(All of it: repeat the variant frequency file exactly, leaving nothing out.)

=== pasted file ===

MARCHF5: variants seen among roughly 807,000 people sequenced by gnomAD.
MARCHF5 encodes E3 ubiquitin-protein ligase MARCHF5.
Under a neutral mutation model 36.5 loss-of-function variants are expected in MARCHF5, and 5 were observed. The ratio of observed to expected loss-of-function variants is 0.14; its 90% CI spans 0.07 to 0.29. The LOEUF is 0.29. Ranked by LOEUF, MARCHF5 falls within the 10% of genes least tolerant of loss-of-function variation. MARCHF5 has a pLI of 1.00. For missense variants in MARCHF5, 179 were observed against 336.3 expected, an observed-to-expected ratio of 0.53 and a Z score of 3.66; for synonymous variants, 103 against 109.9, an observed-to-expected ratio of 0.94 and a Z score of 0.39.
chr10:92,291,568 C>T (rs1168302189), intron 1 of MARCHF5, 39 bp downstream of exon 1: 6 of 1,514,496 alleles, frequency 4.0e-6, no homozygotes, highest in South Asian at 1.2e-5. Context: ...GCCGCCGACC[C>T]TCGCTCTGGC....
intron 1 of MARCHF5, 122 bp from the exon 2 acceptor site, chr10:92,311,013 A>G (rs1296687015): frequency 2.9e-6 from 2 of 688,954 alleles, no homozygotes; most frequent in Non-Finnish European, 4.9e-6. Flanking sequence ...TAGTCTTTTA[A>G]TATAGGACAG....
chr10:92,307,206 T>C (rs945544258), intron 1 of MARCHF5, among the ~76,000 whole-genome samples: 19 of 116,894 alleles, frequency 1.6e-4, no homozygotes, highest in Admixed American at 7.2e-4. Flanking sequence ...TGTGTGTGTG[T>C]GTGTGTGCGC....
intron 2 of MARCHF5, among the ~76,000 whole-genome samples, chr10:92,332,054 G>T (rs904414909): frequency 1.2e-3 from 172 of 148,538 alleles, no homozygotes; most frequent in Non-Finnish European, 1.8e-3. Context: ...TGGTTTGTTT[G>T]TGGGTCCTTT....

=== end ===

MARCHF5: variants seen among roughly 807,000 people sequenced by gnomAD.
MARCHF5 encodes E3 ubiquitin-protein ligase MARCHF5.
Under a neutral mutation model 36.5 loss-of-function variants are expected in MARCHF5, and 5 were observed. The ratio of observed to expected loss-of-function variants is 0.14; its 90% CI spans 0.07 to 0.29. The LOEUF is 0.29. Ranked by LOEUF, MARCHF5 falls within the 10% of genes least tolerant of loss-of-function variation. MARCHF5 has a pLI of 1.00. For missense variants in MARCHF5, 179 were observed against 336.3 expected, an observed-to-expected ratio of 0.53 and a Z score of 3.66; for synonymous variants, 103 against 109.9, an observed-to-expected ratio of 0.94 and a Z score of 0.39.
chr10:92,291,568 C>T (rs1168302189), intron 1 of MARCHF5, 39 bp downstream of exon 1: 6 of 1,514,496 alleles, frequency 4.0e-6, no homozygotes, highest in South Asian at 1.2e-5. Context: ...GCCGCCGACC[C>T]TCGCTCTGGC....
intron 1 of MARCHF5, 122 bp from the exon 2 acceptor site, chr10:92,311,013 A>G (rs1296687015): frequency 2.9e-6 from 2 of 688,954 alleles, no homozygotes; most frequent in Non-Finnish European, 4.9e-6. Flanking sequence ...TAGTCTTTTA[A>G]TATAGGACAG....
chr10:92,307,206 T>C (rs945544258), intron 1 of MARCHF5, among the ~76,000 whole-genome samples: 19 of 116,894 alleles, frequency 1.6e-4, no homozygotes, highest in Admixed American at 7.2e-4. Flanking sequence ...TGTGTGTGTG[T>C]GTGTGTGCGC....
intron 2 of MARCHF5, among the ~76,000 whole-genome samples, chr10:92,332,054 G>T (rs904414909): frequency 1.2e-3 from 172 of 148,538 alleles, no homozygotes; most frequent in Non-Finnish European, 1.8e-3. Context: ...TGGTTTGTTT[G>T]TGGGTCCTTT....